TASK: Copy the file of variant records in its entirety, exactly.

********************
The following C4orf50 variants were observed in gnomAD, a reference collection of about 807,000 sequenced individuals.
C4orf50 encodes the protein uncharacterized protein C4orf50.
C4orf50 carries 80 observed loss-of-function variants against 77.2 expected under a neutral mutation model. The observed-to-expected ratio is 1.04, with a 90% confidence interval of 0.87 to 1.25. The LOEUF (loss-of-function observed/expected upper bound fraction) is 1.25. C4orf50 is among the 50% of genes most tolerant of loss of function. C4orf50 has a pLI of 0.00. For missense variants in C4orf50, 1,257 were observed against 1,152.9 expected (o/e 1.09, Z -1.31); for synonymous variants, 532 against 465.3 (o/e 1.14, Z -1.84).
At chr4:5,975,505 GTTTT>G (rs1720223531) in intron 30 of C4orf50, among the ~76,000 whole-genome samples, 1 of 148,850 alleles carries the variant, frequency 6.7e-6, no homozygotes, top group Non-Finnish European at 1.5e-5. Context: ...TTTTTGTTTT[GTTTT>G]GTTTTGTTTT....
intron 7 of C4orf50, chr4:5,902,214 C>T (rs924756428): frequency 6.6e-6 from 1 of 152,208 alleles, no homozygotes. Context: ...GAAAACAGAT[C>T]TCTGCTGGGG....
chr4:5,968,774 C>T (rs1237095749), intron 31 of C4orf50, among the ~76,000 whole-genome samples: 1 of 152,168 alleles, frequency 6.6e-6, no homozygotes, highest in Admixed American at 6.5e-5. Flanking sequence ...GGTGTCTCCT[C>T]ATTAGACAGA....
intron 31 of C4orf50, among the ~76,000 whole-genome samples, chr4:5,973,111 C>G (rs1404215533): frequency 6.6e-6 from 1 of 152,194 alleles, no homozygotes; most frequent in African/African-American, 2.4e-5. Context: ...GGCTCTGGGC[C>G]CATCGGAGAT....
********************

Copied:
The following C4orf50 variants were observed in gnomAD, a reference collection of about 807,000 sequenced individuals.
C4orf50 encodes the protein uncharacterized protein C4orf50.
C4orf50 carries 80 observed loss-of-function variants against 77.2 expected under a neutral mutation model. The observed-to-expected ratio is 1.04, with a 90% confidence interval of 0.87 to 1.25. The LOEUF (loss-of-function observed/expected upper bound fraction) is 1.25. C4orf50 is among the 50% of genes most tolerant of loss of function. C4orf50 has a pLI of 0.00. For missense variants in C4orf50, 1,257 were observed against 1,152.9 expected (o/e 1.09, Z -1.31); for synonymous variants, 532 against 465.3 (o/e 1.14, Z -1.84).
At chr4:5,975,505 GTTTT>G (rs1720223531) in intron 30 of C4orf50, among the ~76,000 whole-genome samples, 1 of 148,850 alleles carries the variant, frequency 6.7e-6, no homozygotes, top group Non-Finnish European at 1.5e-5. Context: ...TTTTTGTTTT[GTTTT>G]GTTTTGTTTT....
intron 7 of C4orf50, chr4:5,902,214 C>T (rs924756428): frequency 6.6e-6 from 1 of 152,208 alleles, no homozygotes. Context: ...GAAAACAGAT[C>T]TCTGCTGGGG....
chr4:5,968,774 C>T (rs1237095749), intron 31 of C4orf50, among the ~76,000 whole-genome samples: 1 of 152,168 alleles, frequency 6.6e-6, no homozygotes, highest in Admixed American at 6.5e-5. Flanking sequence ...GGTGTCTCCT[C>T]ATTAGACAGA....
intron 31 of C4orf50, among the ~76,000 whole-genome samples, chr4:5,973,111 C>G (rs1404215533): frequency 6.6e-6 from 1 of 152,194 alleles, no homozygotes; most frequent in African/African-American, 2.4e-5. Context: ...GGCTCTGGGC[C>G]CATCGGAGAT....